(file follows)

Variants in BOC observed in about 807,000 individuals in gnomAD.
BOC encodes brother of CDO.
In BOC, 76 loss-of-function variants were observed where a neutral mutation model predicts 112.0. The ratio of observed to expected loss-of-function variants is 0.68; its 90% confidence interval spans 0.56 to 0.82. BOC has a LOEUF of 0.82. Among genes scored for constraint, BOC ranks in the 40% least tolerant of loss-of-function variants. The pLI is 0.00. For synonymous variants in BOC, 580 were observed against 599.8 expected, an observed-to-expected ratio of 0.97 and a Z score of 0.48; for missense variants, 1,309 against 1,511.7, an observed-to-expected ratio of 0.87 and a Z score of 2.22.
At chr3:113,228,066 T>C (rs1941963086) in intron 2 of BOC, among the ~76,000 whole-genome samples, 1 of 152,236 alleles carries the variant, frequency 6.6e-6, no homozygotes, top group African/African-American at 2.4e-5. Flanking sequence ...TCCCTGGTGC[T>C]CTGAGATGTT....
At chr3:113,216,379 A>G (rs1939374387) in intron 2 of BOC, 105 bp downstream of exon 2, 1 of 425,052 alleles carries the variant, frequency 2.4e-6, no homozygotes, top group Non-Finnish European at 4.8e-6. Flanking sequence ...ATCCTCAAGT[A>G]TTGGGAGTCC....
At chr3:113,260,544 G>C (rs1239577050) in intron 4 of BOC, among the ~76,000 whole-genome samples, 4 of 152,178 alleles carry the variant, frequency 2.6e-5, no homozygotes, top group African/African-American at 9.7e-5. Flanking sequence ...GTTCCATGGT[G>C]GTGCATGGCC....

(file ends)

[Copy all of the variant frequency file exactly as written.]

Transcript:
Variants in BOC observed in about 807,000 individuals in gnomAD.
BOC encodes brother of CDO.
In BOC, 76 loss-of-function variants were observed where a neutral mutation model predicts 112.0. The ratio of observed to expected loss-of-function variants is 0.68; its 90% confidence interval spans 0.56 to 0.82. BOC has a LOEUF of 0.82. Among genes scored for constraint, BOC ranks in the 40% least tolerant of loss-of-function variants. The pLI is 0.00. For synonymous variants in BOC, 580 were observed against 599.8 expected, an observed-to-expected ratio of 0.97 and a Z score of 0.48; for missense variants, 1,309 against 1,511.7, an observed-to-expected ratio of 0.87 and a Z score of 2.22.
At chr3:113,228,066 T>C (rs1941963086) in intron 2 of BOC, among the ~76,000 whole-genome samples, 1 of 152,236 alleles carries the variant, frequency 6.6e-6, no homozygotes, top group African/African-American at 2.4e-5. Flanking sequence ...TCCCTGGTGC[T>C]CTGAGATGTT....
At chr3:113,216,379 A>G (rs1939374387) in intron 2 of BOC, 105 bp downstream of exon 2, 1 of 425,052 alleles carries the variant, frequency 2.4e-6, no homozygotes, top group Non-Finnish European at 4.8e-6. Flanking sequence ...ATCCTCAAGT[A>G]TTGGGAGTCC....
At chr3:113,260,544 G>C (rs1239577050) in intron 4 of BOC, among the ~76,000 whole-genome samples, 4 of 152,178 alleles carry the variant, frequency 2.6e-5, no homozygotes, top group African/African-American at 9.7e-5. Flanking sequence ...GTTCCATGGT[G>C]GTGCATGGCC....